6. Not all builder warranties are the same
Some builders warrant their work from top to bottom for several years, some only for one. As far as structural-type concerns, many builders offer a warranty of up to 10 years with other warranty time frames for things like plumbing leaks. In addition, individual warranties will also accompany things like appliances, windows, roods, etc. As always be sure to carefully read the warranty offered by the builder of your desired home before signing any final contract.
7. The floor plan isn’t set in stone
Things aren’t always as they seem especially when it comes to new home floor plans. For example, exact measurements and shapes are usually close estimates and could actually differ when the project is over from the original floor plan. Depending on your particular lot, modifications may also need to be made in order to fit the home properly.
8. Rarely can you modify the floor plans
Custom homes allow the buyer to nit-pick any and every detail of the home. Community site homes, where several homes are being built by the same builder or group of builders are based on a preapproved set of plans, do not allow for complete customization due to time and budget restraints. Changes to floorplans must be included in the particular permit and approved – which will require more time and effort on several parties.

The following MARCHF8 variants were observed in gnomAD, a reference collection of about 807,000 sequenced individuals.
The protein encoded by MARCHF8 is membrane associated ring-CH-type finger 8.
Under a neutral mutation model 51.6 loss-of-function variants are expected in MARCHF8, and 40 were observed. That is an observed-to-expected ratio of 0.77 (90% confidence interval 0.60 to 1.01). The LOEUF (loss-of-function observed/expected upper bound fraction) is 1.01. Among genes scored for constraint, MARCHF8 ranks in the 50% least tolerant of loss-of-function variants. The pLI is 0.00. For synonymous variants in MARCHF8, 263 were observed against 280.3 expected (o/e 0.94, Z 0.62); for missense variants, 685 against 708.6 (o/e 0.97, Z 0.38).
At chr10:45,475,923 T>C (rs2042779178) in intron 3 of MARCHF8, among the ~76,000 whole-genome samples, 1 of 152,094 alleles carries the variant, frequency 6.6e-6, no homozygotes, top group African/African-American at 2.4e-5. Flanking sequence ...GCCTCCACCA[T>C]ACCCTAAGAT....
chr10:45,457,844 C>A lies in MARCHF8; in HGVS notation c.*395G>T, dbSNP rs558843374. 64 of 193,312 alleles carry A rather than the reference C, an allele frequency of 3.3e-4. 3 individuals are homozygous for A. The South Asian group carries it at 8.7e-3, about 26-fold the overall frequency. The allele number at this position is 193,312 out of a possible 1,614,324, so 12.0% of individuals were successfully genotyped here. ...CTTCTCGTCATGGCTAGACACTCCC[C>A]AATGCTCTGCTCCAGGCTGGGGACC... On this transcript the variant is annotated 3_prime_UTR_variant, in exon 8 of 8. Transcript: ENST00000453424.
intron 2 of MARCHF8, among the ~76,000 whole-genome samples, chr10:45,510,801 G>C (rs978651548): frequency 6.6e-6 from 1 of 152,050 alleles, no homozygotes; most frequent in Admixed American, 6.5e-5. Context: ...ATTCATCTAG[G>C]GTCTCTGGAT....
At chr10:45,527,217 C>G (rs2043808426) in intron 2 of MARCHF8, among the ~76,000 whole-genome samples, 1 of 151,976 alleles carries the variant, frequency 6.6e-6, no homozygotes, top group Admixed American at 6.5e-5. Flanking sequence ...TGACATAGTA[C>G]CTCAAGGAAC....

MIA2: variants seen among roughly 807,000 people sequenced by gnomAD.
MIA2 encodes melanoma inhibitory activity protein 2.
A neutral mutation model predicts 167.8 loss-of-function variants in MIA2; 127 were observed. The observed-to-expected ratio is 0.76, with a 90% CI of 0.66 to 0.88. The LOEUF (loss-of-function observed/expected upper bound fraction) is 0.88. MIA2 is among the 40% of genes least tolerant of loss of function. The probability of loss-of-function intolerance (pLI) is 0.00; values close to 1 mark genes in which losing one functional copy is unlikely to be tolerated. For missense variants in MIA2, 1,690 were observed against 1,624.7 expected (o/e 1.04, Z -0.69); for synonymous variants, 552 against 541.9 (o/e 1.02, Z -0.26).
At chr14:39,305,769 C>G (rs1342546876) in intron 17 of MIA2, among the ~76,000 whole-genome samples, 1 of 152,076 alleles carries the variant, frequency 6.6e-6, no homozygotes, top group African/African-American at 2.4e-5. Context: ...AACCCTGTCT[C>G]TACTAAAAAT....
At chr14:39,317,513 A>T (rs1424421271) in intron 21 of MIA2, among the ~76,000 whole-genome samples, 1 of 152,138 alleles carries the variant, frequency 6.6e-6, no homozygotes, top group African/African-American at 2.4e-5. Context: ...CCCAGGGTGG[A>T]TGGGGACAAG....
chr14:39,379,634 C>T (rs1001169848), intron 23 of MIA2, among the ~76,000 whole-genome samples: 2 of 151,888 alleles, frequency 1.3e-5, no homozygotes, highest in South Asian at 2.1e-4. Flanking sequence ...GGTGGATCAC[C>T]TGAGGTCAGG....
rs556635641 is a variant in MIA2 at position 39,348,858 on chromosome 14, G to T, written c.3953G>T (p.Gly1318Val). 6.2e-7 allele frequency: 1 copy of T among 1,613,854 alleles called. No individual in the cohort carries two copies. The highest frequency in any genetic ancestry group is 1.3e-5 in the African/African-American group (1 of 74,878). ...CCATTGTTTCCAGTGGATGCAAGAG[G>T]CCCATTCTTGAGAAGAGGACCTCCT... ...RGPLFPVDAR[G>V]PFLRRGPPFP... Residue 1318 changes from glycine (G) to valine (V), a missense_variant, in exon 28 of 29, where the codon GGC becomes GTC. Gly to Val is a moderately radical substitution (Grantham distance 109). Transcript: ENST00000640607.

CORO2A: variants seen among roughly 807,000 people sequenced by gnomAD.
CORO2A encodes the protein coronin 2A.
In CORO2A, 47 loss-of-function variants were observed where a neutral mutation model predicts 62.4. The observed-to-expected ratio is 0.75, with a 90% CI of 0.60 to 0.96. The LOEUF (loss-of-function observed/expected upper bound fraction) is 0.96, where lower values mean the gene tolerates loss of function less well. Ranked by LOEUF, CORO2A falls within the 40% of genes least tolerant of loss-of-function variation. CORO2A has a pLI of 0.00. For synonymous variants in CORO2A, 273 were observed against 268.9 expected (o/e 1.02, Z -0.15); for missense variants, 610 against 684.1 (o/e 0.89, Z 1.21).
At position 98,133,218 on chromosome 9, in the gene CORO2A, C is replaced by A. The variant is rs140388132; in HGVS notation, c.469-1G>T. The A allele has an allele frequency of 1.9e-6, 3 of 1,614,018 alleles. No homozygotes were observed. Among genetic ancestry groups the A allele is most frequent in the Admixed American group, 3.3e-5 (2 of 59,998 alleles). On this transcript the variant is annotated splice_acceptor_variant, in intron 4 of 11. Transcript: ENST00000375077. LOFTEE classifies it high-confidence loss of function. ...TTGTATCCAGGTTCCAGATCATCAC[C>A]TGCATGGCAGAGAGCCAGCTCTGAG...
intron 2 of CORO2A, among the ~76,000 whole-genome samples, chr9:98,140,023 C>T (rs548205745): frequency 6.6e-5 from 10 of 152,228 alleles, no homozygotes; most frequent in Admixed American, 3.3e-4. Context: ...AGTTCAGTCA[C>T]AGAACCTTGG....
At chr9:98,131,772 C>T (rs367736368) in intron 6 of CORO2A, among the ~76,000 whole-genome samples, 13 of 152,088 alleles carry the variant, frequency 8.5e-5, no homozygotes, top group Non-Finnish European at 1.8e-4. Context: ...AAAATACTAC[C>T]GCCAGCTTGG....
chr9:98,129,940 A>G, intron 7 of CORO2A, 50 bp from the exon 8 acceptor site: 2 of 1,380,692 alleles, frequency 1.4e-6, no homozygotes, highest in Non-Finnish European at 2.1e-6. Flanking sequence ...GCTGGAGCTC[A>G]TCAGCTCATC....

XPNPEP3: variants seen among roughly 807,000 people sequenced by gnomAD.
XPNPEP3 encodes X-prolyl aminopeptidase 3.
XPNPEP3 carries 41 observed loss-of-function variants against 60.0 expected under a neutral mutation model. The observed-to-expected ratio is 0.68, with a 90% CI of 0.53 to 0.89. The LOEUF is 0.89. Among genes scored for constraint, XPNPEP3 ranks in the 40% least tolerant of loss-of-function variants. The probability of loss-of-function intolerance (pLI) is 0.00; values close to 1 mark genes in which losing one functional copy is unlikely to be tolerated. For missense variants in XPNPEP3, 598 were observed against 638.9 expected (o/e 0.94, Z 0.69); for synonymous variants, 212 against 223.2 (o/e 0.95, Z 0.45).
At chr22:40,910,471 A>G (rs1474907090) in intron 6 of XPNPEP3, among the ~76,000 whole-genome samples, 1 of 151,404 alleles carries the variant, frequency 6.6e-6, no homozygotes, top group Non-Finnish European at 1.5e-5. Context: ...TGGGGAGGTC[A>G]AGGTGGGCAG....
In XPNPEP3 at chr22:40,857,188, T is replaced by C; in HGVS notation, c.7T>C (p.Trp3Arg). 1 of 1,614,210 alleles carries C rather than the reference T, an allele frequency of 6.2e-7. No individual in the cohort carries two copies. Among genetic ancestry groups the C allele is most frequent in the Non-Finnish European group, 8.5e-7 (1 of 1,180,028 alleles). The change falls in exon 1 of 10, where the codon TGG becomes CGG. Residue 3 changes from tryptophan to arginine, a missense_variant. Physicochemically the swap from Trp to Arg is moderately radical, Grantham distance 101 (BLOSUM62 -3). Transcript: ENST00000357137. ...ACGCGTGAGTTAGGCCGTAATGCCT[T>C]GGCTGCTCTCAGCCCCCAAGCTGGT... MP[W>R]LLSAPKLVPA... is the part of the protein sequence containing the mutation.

9. Expect changes
The appearance of your finished-product-home may not be an exact replica of the model. Suppliers can run out of or change materials creating a hiccup in the original plan and thus affecting the appearance of your home. It is not uncommon for builders to reserve the right to substitute materials and finishes. If you can, tour a couple of finished homes and ask the builder what they may use as substitutes for different elements throughout the home.
10. Time frame of the start of construction
Each player in the new home construction industry – builders, the city, the county, etc. - has different time frames that have historically worked for them when completing a home. Each geographic location varies in time, but expect several months for a builder to complete a home after the large haul of lumber is delivered at your home site. Remember: the lumber drop occurs after the builder receives the construction permit from the city/county/etc., and after the foundation is complete. Allow for another month or two for both of these tasks to be completed.
This is a good start to preparing you and your family for the journey of building a new home. Stay tuned for Part II where we explain tips 11-20.
Donna’s top priority is providing you with quality service. To accomplish this, she’ll listen to your needs and wants, presenting you with properties that match your criteria. Donna, who is very p....